So for months, Adrienne and Craig carry Luke’s 80-pound body up and down the stairs in their apartment building multiple times a day. And Luke can’t be left alone, so Craig starts working from home long before COVID. And Adrienne takes on more work so she can afford Luke's physical therapy — at one time, she’s working four jobs at once.
They’re more than willing to do all of this, and that also doesn’t mean it’s easy. Because there are days when it looks like Luke might be able to walk again … he might recover! And days when everything goes in the opposite direction. Days when Luke seems happy, content … and days when he seems uncomfortable.
And all of this is torture for Adrienne. There’s no crystal ball to tell her whether or not he will heal, and not even Google Translate can help Luke tell his people what he needs. And there are no advanced care directives for dogs.
Adrienne VanZomeren: It was agonizing to try to make decisions when Luke couldn't tell me what he wanted and what he needed, and I had to set aside my selfish desire to have him forever and my fear of losing him and think about what was best for him and only him. And it was something that kept me awake at night, because I had in the back of my mind this desire to unequivocally fulfill my promise to never give up on him with the responsibility to do what was best for him. And it was just so hard. And I just wished so often that he could just tell me, you know, like, “I'm ready,” or, “I'm in pain, and I don't want to do this anymore.” And I tried to listen as best as I could. But it was a daily struggle for me to know if I was doing the right thing by keeping him alive and by keeping working on his mobility. I tried my best to discern what Luke wanted and what he was trying to tell me without words, but I couldn't fully be objective, and I couldn't fully be sure that I was doing the thing that he truly wanted and not the selfish thing. Because I think, if he could have, Luke would have lived forever just to keep me happy.
Adrienne has always known she’d do some kind of memorial service for Luke, once the time comes. But one night, when she’s out on a run, she realizes she wants to do the celebration while Luke is still here to enjoy it.
Adrienne VanZomeren: I chose a route that me and Luke used to run back in our glory days when we were both much faster and capable of running. And I went on this route, and it was such a memorable experience, because there were so many relics from our past life. It went through our old neighborhood, and it went through our new neighborhood where I live with Craig and where we became a family, and it just brought up so many beautiful memories of me and Luke going on runs. And then at the very end of the run, the last mile went through next to this restaurant that just a few nights before Luke had had a big accident. We had taken him on this stroller ride in this extra, extra large dog stroller. And he started having a bowel movement, which at that point he couldn't control anymore. We had to, like, yank him out of the stroller and, and he couldn't walk. So he was laying on the side of the road, on the sidewalk, just helpless and ... I saw that. And I knew that it was time. And so on, that run, I said, “OK. What we're going to do is we're going to have a big party so that Luke can feel all the love.”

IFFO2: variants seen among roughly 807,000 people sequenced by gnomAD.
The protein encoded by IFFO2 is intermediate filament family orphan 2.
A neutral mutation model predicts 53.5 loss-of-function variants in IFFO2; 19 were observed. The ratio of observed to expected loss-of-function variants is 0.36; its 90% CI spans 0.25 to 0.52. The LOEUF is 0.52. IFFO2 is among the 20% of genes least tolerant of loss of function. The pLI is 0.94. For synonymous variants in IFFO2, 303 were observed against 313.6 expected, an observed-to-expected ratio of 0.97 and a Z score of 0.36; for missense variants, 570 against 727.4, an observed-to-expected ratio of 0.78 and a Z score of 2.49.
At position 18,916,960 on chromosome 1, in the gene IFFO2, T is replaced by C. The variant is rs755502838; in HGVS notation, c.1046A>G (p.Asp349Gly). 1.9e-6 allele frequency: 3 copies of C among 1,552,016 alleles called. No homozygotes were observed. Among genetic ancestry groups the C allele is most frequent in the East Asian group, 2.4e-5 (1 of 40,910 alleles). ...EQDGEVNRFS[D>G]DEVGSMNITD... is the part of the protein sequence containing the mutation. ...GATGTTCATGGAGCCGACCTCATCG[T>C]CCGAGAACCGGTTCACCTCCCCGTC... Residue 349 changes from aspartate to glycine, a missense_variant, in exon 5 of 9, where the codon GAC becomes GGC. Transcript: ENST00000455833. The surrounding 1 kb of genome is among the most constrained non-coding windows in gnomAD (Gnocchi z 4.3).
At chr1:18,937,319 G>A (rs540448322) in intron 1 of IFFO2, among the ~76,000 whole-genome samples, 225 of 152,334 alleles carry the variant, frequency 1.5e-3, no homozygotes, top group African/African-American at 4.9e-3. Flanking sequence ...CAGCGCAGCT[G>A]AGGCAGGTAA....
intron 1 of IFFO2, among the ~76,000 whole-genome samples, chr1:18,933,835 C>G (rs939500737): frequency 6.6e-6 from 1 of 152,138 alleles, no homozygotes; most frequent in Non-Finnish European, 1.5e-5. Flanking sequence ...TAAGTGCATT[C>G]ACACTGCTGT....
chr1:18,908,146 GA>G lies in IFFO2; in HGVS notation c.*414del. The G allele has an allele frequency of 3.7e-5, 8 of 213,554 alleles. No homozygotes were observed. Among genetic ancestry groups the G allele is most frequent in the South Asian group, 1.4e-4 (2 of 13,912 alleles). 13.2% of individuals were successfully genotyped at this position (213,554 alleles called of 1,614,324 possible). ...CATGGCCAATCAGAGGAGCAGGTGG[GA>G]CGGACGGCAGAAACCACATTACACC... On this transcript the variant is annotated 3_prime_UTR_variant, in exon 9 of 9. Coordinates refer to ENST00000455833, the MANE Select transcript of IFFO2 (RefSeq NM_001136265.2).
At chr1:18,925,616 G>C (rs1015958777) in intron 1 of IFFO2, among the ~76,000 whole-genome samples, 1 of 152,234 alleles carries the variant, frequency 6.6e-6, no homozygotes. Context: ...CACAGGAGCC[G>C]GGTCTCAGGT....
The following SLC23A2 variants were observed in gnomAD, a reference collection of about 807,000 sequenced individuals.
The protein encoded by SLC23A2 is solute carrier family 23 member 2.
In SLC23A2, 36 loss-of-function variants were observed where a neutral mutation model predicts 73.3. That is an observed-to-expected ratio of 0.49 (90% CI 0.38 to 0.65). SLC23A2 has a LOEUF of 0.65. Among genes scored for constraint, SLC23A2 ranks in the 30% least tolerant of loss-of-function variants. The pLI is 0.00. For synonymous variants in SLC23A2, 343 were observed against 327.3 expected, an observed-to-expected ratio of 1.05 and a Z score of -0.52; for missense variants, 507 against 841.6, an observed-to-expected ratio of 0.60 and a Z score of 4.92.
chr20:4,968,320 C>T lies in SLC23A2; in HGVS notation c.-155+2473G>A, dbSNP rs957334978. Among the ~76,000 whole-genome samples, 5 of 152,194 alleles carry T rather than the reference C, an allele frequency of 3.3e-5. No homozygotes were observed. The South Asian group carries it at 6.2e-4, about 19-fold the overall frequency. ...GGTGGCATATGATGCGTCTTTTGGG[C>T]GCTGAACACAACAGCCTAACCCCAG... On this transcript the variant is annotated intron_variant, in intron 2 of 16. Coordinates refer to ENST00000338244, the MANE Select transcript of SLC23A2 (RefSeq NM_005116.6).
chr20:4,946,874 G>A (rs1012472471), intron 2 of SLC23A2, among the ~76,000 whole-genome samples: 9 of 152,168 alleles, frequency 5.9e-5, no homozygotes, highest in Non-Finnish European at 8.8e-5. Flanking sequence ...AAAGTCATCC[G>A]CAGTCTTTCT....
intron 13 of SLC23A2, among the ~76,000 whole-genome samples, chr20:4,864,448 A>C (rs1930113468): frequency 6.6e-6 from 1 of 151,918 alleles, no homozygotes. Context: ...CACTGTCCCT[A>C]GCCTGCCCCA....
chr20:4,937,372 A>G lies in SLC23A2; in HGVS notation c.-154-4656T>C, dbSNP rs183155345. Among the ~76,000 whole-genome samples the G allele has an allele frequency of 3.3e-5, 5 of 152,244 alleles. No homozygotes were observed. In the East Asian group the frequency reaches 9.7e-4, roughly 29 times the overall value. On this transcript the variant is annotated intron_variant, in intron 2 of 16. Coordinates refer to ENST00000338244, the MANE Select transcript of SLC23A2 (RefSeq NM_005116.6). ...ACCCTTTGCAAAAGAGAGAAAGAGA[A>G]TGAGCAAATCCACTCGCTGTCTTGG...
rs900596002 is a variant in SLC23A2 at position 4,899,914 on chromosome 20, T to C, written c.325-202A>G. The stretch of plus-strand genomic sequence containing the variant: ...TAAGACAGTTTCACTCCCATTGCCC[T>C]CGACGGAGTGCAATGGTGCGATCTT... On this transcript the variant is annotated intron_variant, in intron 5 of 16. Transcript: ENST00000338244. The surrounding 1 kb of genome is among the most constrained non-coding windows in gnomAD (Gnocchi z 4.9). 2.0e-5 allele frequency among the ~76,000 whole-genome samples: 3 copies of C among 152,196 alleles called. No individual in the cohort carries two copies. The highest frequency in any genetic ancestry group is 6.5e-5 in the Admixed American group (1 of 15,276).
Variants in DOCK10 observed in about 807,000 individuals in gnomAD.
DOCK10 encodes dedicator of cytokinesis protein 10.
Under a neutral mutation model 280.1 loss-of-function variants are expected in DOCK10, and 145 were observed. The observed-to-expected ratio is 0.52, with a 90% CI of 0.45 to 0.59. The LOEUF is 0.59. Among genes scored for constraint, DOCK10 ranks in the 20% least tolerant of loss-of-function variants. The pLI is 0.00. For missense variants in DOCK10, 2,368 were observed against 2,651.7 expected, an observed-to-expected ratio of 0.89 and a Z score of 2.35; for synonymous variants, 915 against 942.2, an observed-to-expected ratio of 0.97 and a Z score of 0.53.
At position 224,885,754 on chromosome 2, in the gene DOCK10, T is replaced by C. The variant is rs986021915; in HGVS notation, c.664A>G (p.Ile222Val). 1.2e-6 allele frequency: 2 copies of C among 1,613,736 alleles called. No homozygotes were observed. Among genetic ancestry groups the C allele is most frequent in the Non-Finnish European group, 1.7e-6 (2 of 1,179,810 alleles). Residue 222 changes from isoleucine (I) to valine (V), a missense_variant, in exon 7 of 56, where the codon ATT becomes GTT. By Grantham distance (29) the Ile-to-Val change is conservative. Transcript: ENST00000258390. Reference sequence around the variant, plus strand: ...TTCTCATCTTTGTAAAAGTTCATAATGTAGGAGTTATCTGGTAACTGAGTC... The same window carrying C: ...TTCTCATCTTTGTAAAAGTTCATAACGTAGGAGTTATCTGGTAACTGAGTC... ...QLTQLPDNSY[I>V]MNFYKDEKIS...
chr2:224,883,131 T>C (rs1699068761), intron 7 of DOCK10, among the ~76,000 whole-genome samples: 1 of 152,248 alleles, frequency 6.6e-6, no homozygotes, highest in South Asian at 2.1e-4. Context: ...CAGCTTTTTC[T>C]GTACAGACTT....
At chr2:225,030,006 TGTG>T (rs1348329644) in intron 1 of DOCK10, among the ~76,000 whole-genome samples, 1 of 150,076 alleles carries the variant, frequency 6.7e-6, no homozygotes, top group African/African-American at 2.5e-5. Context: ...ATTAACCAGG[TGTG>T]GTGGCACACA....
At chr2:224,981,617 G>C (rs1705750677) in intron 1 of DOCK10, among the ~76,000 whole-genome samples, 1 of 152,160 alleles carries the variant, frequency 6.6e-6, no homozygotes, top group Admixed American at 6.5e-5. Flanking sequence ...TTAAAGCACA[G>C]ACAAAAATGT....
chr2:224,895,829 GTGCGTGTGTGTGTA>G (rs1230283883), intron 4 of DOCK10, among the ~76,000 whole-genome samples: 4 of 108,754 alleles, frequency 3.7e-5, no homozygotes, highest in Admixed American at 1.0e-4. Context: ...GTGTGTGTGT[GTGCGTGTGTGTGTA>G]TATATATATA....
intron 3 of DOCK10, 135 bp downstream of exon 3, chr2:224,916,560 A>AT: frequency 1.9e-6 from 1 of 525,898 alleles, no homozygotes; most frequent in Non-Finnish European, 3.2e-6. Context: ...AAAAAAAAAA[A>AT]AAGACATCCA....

Time for a break.
Adrienne has made the decision to have Luke’s memorial service before he dies. She wants him to be able to enjoy his last hurrah.
Adrienne VanZomeren: It was covid, so it would have to be outside, but it was warm still, and that was a possibility. And so in my mind, that's what I decided, that we would just have a big seaya, see ya later party, and everyone could come in and tell Luke, goodbye. And he could feel all that love.
A few days after Adrienne takes that run and decides to give Luke a farewell party, Luke’s health takes a turn. He catches pneumonia. He struggles for every breath. And Adrienne doesn’t need help translating what’s happening. Luke is miserable ... he’s scared … he’s in pain. It’s the opposite of what Adrienne wants for him, so she does what she’s been dreading for months.
Adrienne VanZomeren: We had a veterinary team come into the home. I had called that morning and said, you know, “It's time, and we need somebody here.” From the morning until 3:15, it was just a process of holding him and saying goodbye and thanking him for all that he gave me. And I just did that over and over, and I just held him the entire time. I had to keep my distance when the veterinarian gave the shot just for social distance reasoning. And I just watched the life leave his eyes. I immediately felt untethered and anchorless. Like, I just felt like this small, raw thing, and my physical shield was gone, and I didn't know where he went. All I knew was that I could no longer feel him. I helped the veterinarian carry his body out of the apartment and down the stairs and loaded him into her vehicle. I kissed him goodbye and buried my face in his fur one last time and watched his body leave forever.